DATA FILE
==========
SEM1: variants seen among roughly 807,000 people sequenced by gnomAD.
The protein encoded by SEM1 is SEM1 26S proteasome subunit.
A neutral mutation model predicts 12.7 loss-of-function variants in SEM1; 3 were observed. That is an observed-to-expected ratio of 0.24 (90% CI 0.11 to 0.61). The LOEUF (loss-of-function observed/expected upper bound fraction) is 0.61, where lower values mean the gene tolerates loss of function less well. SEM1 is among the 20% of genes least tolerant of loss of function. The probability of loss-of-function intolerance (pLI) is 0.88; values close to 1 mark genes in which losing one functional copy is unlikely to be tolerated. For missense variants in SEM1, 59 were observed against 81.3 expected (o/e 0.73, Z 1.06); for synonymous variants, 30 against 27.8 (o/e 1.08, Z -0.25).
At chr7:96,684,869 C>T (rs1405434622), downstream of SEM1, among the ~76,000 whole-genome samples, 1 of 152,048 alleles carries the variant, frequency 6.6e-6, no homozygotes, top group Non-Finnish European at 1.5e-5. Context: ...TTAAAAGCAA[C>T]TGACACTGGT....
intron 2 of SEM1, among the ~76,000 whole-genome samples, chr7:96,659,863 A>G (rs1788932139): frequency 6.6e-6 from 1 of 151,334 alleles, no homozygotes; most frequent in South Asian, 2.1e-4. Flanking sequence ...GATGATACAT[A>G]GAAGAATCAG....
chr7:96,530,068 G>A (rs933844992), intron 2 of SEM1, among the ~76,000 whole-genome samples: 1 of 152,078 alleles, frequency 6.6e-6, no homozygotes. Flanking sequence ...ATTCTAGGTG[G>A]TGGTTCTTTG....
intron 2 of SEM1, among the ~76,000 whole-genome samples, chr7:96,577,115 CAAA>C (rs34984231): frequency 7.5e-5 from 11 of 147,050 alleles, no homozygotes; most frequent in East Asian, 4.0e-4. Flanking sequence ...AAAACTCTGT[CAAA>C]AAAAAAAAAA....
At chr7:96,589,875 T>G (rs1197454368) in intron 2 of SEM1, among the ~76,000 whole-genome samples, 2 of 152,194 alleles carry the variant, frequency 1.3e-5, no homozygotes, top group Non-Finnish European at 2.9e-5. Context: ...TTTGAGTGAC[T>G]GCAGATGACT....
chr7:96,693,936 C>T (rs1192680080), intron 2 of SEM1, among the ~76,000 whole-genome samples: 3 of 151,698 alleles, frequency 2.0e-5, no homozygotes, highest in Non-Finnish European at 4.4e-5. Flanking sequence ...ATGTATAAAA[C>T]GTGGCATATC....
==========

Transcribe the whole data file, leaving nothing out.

SEM1: variants seen among roughly 807,000 people sequenced by gnomAD.
The protein encoded by SEM1 is SEM1 26S proteasome subunit.
A neutral mutation model predicts 12.7 loss-of-function variants in SEM1; 3 were observed. That is an observed-to-expected ratio of 0.24 (90% CI 0.11 to 0.61). The LOEUF (loss-of-function observed/expected upper bound fraction) is 0.61, where lower values mean the gene tolerates loss of function less well. SEM1 is among the 20% of genes least tolerant of loss of function. The probability of loss-of-function intolerance (pLI) is 0.88; values close to 1 mark genes in which losing one functional copy is unlikely to be tolerated. For missense variants in SEM1, 59 were observed against 81.3 expected (o/e 0.73, Z 1.06); for synonymous variants, 30 against 27.8 (o/e 1.08, Z -0.25).
At chr7:96,684,869 C>T (rs1405434622), downstream of SEM1, among the ~76,000 whole-genome samples, 1 of 152,048 alleles carries the variant, frequency 6.6e-6, no homozygotes, top group Non-Finnish European at 1.5e-5. Context: ...TTAAAAGCAA[C>T]TGACACTGGT....
intron 2 of SEM1, among the ~76,000 whole-genome samples, chr7:96,659,863 A>G (rs1788932139): frequency 6.6e-6 from 1 of 151,334 alleles, no homozygotes; most frequent in South Asian, 2.1e-4. Flanking sequence ...GATGATACAT[A>G]GAAGAATCAG....
chr7:96,530,068 G>A (rs933844992), intron 2 of SEM1, among the ~76,000 whole-genome samples: 1 of 152,078 alleles, frequency 6.6e-6, no homozygotes. Flanking sequence ...ATTCTAGGTG[G>A]TGGTTCTTTG....
intron 2 of SEM1, among the ~76,000 whole-genome samples, chr7:96,577,115 CAAA>C (rs34984231): frequency 7.5e-5 from 11 of 147,050 alleles, no homozygotes; most frequent in East Asian, 4.0e-4. Flanking sequence ...AAAACTCTGT[CAAA>C]AAAAAAAAAA....
At chr7:96,589,875 T>G (rs1197454368) in intron 2 of SEM1, among the ~76,000 whole-genome samples, 2 of 152,194 alleles carry the variant, frequency 1.3e-5, no homozygotes, top group Non-Finnish European at 2.9e-5. Context: ...TTTGAGTGAC[T>G]GCAGATGACT....
chr7:96,693,936 C>T (rs1192680080), intron 2 of SEM1, among the ~76,000 whole-genome samples: 3 of 151,698 alleles, frequency 2.0e-5, no homozygotes, highest in Non-Finnish European at 4.4e-5. Flanking sequence ...ATGTATAAAA[C>T]GTGGCATATC....